You said that you would never do it,
you said you could resist.
Now I see you lift that can
and press it to your lips.
You have ranted on and on about its dangers,
but there you stand
talking to everyone else,
holding it in your hand.
Occasionally taking a sip or two,
then glancing around to see who saw.
Hoping someone caught you being bad,
hoping someone saw you break the law.
You pour the rest into six cups
and begin to play the game.
By the end, everything reeks of beer,
and you are the one to blame.
Your shirt is soaked
and your hands are sticky.
No longer are you not branded
by the beer drinker hickey.
The stale scent is on your breath,
accompanied by its horrible taste.
You fall over as you faint;
your promise was such a waste.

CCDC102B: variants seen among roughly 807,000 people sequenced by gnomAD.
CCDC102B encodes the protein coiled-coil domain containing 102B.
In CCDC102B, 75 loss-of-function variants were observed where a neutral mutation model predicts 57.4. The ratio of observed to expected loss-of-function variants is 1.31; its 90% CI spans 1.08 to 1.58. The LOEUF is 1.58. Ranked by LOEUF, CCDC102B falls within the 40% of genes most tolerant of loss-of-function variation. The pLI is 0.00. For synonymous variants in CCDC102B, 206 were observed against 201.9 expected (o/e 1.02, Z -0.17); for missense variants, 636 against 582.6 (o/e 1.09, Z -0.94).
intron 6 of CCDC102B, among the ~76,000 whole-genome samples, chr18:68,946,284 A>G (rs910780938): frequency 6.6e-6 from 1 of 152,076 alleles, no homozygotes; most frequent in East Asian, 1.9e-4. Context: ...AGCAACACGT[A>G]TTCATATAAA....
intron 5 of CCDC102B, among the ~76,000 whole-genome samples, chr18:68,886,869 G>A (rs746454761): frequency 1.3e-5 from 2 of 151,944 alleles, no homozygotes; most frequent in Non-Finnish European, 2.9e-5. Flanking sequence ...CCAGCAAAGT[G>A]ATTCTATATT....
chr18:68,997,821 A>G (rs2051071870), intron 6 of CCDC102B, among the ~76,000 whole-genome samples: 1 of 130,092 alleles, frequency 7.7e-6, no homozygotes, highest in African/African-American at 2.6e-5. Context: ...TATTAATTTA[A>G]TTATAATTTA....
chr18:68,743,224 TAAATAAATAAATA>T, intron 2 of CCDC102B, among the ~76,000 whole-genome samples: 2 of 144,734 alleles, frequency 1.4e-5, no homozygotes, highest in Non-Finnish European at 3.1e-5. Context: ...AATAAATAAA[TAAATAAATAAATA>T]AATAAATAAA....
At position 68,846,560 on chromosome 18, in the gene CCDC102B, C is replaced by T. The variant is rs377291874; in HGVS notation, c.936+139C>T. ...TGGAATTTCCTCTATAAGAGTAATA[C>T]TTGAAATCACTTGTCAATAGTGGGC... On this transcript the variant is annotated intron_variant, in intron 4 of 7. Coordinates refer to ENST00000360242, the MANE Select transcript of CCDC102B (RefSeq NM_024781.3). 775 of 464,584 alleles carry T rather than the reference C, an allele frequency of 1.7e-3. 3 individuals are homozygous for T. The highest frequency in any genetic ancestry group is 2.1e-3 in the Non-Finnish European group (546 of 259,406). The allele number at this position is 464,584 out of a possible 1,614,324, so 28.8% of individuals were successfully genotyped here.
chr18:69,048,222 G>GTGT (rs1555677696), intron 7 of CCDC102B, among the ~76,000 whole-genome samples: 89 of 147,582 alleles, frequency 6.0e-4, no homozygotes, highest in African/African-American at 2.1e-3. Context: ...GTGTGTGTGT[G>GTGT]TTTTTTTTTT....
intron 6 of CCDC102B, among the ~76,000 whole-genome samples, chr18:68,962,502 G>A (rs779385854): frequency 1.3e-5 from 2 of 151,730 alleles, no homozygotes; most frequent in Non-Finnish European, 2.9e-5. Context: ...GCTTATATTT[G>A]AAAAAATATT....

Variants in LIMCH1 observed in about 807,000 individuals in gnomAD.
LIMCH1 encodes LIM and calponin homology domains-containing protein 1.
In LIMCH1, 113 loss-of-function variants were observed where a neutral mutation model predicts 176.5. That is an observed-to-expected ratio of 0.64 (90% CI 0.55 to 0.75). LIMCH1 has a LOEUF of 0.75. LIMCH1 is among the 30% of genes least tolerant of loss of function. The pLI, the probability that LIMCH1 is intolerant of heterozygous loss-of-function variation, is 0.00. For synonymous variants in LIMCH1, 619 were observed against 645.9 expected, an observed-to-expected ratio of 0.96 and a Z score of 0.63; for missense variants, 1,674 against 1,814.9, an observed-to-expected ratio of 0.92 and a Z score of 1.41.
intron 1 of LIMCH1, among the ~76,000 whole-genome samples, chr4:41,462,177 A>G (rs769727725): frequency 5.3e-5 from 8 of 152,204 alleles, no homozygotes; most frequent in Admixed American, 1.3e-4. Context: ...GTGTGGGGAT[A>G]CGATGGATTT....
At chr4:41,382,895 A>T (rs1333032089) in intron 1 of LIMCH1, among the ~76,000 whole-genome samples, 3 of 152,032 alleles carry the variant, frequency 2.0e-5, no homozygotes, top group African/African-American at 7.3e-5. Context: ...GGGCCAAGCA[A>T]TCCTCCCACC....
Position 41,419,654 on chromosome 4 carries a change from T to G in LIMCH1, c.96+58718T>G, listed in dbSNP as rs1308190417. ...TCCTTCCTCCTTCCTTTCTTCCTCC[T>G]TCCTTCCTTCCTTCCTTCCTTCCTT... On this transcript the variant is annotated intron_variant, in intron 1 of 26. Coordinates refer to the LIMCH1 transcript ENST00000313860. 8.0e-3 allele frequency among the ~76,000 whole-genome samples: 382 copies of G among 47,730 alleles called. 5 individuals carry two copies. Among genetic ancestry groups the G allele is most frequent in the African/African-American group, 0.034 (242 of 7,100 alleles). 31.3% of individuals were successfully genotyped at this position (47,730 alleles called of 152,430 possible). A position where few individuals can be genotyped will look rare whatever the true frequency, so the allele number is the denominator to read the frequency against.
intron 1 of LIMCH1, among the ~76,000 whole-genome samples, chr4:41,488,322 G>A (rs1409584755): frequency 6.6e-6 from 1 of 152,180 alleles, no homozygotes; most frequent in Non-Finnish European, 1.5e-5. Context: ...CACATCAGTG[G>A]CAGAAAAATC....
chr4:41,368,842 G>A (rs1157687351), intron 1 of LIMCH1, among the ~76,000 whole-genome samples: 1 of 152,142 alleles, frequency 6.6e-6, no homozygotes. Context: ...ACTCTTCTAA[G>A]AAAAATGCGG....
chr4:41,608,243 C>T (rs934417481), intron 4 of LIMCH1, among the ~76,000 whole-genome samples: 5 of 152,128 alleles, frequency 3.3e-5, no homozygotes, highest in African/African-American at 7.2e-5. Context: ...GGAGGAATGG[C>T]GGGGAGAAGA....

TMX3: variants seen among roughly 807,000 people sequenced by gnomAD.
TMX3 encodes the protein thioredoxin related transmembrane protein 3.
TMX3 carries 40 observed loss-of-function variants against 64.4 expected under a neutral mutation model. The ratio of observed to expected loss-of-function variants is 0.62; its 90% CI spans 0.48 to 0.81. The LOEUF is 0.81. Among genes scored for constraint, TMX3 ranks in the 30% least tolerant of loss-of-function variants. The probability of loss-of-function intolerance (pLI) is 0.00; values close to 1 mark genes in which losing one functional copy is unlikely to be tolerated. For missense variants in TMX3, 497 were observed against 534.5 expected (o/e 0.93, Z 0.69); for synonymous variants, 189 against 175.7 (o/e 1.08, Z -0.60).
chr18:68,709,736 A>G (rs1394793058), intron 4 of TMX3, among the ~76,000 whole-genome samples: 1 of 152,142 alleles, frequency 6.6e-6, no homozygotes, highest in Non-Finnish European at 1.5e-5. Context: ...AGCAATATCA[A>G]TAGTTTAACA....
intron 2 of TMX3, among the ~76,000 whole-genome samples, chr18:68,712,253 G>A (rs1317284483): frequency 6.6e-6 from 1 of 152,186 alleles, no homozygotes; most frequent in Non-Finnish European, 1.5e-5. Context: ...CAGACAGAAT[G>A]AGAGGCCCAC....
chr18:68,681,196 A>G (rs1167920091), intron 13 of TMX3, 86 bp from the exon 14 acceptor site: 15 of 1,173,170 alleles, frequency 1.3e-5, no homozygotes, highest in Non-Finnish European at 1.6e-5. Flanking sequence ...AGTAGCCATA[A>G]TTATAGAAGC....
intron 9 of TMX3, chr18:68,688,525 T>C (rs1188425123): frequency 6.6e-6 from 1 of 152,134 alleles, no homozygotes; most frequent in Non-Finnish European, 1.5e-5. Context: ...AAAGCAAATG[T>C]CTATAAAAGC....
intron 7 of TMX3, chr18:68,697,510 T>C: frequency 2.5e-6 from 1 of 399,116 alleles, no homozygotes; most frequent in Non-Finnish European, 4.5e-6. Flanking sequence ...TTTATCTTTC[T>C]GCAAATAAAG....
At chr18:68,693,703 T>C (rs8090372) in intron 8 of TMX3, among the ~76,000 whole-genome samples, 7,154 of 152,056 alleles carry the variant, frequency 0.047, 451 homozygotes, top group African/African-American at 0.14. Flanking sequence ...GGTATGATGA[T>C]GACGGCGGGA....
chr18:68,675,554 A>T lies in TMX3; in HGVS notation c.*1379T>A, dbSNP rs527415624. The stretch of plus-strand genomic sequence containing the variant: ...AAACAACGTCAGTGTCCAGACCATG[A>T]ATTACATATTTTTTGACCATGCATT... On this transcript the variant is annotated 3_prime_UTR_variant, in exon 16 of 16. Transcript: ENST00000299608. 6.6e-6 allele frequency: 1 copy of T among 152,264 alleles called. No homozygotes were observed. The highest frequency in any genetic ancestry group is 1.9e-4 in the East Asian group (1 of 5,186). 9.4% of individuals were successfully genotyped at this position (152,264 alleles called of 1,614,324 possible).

This never happened. I let my imagination run away with me for this one. For this poem, it’s my conscience talking about me. I’m the one who is drinking, even though that has never occurred and I have always promised myself that I wouldn’t let that substance enter my body. But, like most promises, eventually this one will break, so I wrote this poem to myself as a reminder. I don’t exactly approve of underage drinking, or even drinking in general for that matter. People tell me that I can’t judge it until I’ve tried it, but to be perfectly honest, I have no desire to even take a sip. This poison that people gulp down makes them act so stupid, and I am beyond that. They can have fun killing their livers; I’ll be with my real friends that don’t need alcohol to have fun.